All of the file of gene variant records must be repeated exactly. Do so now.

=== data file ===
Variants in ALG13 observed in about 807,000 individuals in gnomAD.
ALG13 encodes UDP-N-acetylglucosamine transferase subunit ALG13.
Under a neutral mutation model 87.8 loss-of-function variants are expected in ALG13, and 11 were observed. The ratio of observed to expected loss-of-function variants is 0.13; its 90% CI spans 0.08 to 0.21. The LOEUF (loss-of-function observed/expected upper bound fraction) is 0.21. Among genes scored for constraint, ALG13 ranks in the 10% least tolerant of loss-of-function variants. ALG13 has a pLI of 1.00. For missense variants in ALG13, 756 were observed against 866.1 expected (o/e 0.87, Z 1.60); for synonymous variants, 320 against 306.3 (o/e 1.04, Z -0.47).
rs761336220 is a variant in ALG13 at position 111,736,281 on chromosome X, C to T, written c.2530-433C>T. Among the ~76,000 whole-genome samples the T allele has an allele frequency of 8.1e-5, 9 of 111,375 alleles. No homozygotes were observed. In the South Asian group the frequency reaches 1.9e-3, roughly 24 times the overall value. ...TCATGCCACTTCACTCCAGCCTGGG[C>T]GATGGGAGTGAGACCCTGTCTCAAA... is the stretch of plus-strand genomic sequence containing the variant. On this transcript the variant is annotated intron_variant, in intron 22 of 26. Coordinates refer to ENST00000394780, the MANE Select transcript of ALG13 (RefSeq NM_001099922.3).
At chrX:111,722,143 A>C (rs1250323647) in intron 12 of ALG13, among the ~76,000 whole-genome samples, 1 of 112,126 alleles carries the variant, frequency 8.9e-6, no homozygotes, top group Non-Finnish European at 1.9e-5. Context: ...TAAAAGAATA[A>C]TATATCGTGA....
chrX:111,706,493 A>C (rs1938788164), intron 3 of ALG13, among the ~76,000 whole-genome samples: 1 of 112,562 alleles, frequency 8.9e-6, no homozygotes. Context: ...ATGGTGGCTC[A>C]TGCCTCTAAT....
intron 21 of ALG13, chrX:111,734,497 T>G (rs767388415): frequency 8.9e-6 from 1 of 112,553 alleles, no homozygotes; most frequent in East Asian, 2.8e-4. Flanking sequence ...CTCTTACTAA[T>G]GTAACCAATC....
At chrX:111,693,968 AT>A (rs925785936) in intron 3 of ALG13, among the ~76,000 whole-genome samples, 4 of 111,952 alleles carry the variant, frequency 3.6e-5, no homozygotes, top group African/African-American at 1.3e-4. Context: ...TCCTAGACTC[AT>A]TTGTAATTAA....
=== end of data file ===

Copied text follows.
Variants in ALG13 observed in about 807,000 individuals in gnomAD.
ALG13 encodes UDP-N-acetylglucosamine transferase subunit ALG13.
Under a neutral mutation model 87.8 loss-of-function variants are expected in ALG13, and 11 were observed. The ratio of observed to expected loss-of-function variants is 0.13; its 90% CI spans 0.08 to 0.21. The LOEUF (loss-of-function observed/expected upper bound fraction) is 0.21. Among genes scored for constraint, ALG13 ranks in the 10% least tolerant of loss-of-function variants. ALG13 has a pLI of 1.00. For missense variants in ALG13, 756 were observed against 866.1 expected (o/e 0.87, Z 1.60); for synonymous variants, 320 against 306.3 (o/e 1.04, Z -0.47).
rs761336220 is a variant in ALG13 at position 111,736,281 on chromosome X, C to T, written c.2530-433C>T. Among the ~76,000 whole-genome samples the T allele has an allele frequency of 8.1e-5, 9 of 111,375 alleles. No homozygotes were observed. In the South Asian group the frequency reaches 1.9e-3, roughly 24 times the overall value. ...TCATGCCACTTCACTCCAGCCTGGG[C>T]GATGGGAGTGAGACCCTGTCTCAAA... is the stretch of plus-strand genomic sequence containing the variant. On this transcript the variant is annotated intron_variant, in intron 22 of 26. Coordinates refer to ENST00000394780, the MANE Select transcript of ALG13 (RefSeq NM_001099922.3).
At chrX:111,722,143 A>C (rs1250323647) in intron 12 of ALG13, among the ~76,000 whole-genome samples, 1 of 112,126 alleles carries the variant, frequency 8.9e-6, no homozygotes, top group Non-Finnish European at 1.9e-5. Context: ...TAAAAGAATA[A>C]TATATCGTGA....
chrX:111,706,493 A>C (rs1938788164), intron 3 of ALG13, among the ~76,000 whole-genome samples: 1 of 112,562 alleles, frequency 8.9e-6, no homozygotes. Context: ...ATGGTGGCTC[A>C]TGCCTCTAAT....
intron 21 of ALG13, chrX:111,734,497 T>G (rs767388415): frequency 8.9e-6 from 1 of 112,553 alleles, no homozygotes; most frequent in East Asian, 2.8e-4. Flanking sequence ...CTCTTACTAA[T>G]GTAACCAATC....
At chrX:111,693,968 AT>A (rs925785936) in intron 3 of ALG13, among the ~76,000 whole-genome samples, 4 of 111,952 alleles carry the variant, frequency 3.6e-5, no homozygotes, top group African/African-American at 1.3e-4. Context: ...TCCTAGACTC[AT>A]TTGTAATTAA....